AUSABLE FORKS — Faced with damage from Tropical Storm Irene, Russ Bailey went a different route than some victims.
The blacksmith and craftsman from Whallonsburg decided not to go through the FEMA buyout program.
He was one of the local people who stopped by the Town of Jay Community Center on Tuesday for “One Year After: Resources and Recovery,” an event hosted by officials from Essex and Clinton counties, United Way of the Adirondack Region and Project Hope.
The gymnasium was set up as a resource center, as it was one year ago, but this time the agencies focused on needs that have still not been met. Among those on hand were the American Red Cross, Emergency Services, Community Resources, Housing Assistance Program, Office for the Aging, Mental Health, Social Services and Public Health.
OUSTED FROM HOME
Bailey discussed his situation with Bruce Misarski, director of housing assistance in Essex County.
“I had some standing water after the spring flooding, but with Irene I had six feet of water in my shop,” Bailey said. “Since then, I’ve had to live elsewhere and am paying rent, as well as my mortgage. I have a fair amount of debt. I have a lot of questions, and I need to know what I have to do to rebuild.
Looking over at the next table, set up for the Office of the Aging, Bailey quipped, “I’m not old enough for that, but I have aged 10 years since Irene.
“As humans, we stand on our records,” he said. “I have been there (at his residence) 16 years. I am still wary. This was not just a 100-year flood. In the future, I will be prepared for it, as I wouldn’t bet against it happening again.”
Reflecting on the flood, Bailey said, “It was surreal. I was concerned about my pets, and the next day, I swam back to the house. My pony was gone for a month but returned on its own.”
Gary Burke of Upper Jay also recalled that day vividly as he spoke with Gretchen Sando and Aline Pepe of Project Hope.
“The rising water came up like filling a bathtub. At noon, it was low, but by 3, I had to leave.”
Afterward, Burke had a difficult time convincing authorities that he had lived there.
“It was my primary residence, but they said it was a vacation rental. So I went to Mike Mascarenas (director of the Essex County Community Resources Department), and he straightened things out. Fortunately, I had flood insurance.”
Keene Town Supervisor Bill Ferebee feels, overall, the recovery has progressed well.
“We still have to build a retaining wall by Golf Brook by the firehouse and have received a verbal promise from the DEC by Marcy Field for repairs there. Fortunately, we have not lost any full-time residents moving out of the area. Mike Mascarenas of the county has done a great job with helping with buyouts.”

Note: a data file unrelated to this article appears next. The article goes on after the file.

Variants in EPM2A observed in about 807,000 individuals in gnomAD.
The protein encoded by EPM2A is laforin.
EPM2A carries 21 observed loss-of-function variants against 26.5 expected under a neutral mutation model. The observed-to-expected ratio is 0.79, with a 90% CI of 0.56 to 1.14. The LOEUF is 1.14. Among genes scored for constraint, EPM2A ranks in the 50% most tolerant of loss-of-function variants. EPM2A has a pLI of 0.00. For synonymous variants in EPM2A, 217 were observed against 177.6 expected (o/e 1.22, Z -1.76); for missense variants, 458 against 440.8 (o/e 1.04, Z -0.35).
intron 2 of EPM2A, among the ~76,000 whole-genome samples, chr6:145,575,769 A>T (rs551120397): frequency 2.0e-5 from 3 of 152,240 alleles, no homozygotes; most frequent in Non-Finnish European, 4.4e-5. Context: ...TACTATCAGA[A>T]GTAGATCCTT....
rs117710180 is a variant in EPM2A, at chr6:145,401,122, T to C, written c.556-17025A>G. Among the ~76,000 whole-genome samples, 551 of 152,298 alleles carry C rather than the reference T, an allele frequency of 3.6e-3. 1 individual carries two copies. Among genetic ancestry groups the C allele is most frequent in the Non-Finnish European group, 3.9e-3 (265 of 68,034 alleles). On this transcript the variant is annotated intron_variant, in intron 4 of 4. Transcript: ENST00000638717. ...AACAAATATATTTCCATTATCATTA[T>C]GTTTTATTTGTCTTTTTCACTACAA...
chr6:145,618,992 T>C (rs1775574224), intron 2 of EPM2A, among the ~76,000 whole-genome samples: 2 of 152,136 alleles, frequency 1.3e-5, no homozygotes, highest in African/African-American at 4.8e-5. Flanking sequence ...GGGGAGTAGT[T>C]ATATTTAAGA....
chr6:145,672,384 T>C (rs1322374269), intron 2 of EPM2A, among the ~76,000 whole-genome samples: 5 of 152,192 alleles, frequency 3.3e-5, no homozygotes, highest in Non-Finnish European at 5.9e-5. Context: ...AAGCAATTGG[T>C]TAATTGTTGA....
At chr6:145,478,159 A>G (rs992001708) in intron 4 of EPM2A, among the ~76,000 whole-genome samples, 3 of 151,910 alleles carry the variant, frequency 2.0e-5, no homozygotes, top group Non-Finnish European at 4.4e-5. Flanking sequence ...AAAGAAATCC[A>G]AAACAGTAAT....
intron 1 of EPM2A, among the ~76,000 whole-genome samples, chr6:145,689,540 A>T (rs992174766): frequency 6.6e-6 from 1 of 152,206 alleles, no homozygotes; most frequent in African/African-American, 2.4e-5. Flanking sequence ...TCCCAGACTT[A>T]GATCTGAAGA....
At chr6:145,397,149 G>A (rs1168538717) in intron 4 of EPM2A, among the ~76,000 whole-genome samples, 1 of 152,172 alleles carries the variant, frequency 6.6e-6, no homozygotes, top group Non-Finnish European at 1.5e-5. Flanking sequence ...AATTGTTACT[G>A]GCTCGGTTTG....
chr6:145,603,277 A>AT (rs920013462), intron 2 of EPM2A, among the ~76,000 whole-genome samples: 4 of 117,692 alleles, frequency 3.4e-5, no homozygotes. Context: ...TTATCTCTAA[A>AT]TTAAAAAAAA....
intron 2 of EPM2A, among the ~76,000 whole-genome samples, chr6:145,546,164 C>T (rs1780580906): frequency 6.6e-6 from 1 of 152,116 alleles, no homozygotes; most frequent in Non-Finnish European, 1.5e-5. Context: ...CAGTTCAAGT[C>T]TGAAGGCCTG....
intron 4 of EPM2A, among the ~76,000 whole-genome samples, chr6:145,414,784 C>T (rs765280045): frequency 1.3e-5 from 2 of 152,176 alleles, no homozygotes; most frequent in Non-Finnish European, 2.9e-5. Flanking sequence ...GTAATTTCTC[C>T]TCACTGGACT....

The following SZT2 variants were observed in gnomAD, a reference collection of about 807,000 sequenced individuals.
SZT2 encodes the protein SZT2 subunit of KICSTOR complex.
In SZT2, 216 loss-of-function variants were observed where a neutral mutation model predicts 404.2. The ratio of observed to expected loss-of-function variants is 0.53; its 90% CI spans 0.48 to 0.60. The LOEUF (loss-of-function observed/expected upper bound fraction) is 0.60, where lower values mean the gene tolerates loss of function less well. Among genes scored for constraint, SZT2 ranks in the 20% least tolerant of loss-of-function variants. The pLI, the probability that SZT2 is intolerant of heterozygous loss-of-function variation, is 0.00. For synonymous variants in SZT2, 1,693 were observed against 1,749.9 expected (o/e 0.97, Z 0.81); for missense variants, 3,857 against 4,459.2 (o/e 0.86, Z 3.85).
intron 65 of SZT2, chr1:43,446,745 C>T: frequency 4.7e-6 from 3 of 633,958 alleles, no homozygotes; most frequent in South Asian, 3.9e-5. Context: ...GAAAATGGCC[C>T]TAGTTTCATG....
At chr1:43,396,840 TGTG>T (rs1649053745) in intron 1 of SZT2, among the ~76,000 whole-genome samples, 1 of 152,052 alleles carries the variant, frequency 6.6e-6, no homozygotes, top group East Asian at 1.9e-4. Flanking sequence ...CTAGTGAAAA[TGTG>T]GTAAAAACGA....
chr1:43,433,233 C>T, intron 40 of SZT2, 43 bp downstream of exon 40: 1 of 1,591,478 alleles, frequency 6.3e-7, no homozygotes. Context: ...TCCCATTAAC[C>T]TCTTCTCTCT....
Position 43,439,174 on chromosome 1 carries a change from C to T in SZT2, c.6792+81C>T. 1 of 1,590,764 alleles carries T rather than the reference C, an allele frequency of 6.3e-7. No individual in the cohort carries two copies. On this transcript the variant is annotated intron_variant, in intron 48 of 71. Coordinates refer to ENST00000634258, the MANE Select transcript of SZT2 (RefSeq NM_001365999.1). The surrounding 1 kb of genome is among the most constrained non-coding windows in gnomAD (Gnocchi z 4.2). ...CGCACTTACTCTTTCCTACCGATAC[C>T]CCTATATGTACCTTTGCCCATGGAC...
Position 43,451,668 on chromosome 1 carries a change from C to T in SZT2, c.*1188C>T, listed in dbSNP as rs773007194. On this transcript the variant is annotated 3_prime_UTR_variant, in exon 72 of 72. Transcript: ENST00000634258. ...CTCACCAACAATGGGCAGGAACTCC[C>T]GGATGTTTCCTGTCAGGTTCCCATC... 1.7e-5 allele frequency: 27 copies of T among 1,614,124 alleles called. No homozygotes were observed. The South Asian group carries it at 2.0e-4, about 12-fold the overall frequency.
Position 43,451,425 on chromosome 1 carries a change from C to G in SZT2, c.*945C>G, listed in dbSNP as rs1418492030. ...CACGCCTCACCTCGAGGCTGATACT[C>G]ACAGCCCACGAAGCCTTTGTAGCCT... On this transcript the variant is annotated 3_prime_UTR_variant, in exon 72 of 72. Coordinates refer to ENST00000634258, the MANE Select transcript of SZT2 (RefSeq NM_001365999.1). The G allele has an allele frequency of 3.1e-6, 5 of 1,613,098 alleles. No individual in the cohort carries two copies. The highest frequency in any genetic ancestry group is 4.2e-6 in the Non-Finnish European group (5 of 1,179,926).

Gretchen Sando, program coordinator of Project Hope, knows there still are concerns.
“We mostly listen. A lot of folks have been able to move on, but there are still those displaced and not sure where they will go next. There are some who are out of money.
“Because of the anniversary, there are some who are reliving the events with imagery, are fearful and having a hard time sleeping. None of this is uncommon. It’s part of the process, like when you lose a loved one.”
Thomas and Judy Pulsifer of Jay also went to the event for information.
“We thought it was just people by the river who could get help but found out in July that we could get assistance for our destroyed roof,” Mr. Pulsifer said. “The shingles were blown off by the high winds. By then, it was too late for FEMA. So I called Randy Douglas’s office, and they said to come down.”
At a press conference, Ferebee, Jay Town Supervisor Randy Douglas, Assemblywoman Janet Duprey, Congressman Bill Owens, Dede Scozzafava from Gov. Cuomo’s Office and United Way Director John Bernardi spoke, with the recurring theme being the cooperation of neighbors, politicians and agencies and the resilience of the inhabitants of the North Country.
Douglas said recovery is an ongoing process that now includes keeping citizens out of harm’s way and education.
“I don’t believe in a 100-year flood,” he said. “We need to be better prepared, even little things like strapping down propane tanks. It’s a tedious process. We still have tons of debris out there, but we will be better prepared.”
Email Alvin Reiner: firstname.lastname@example.org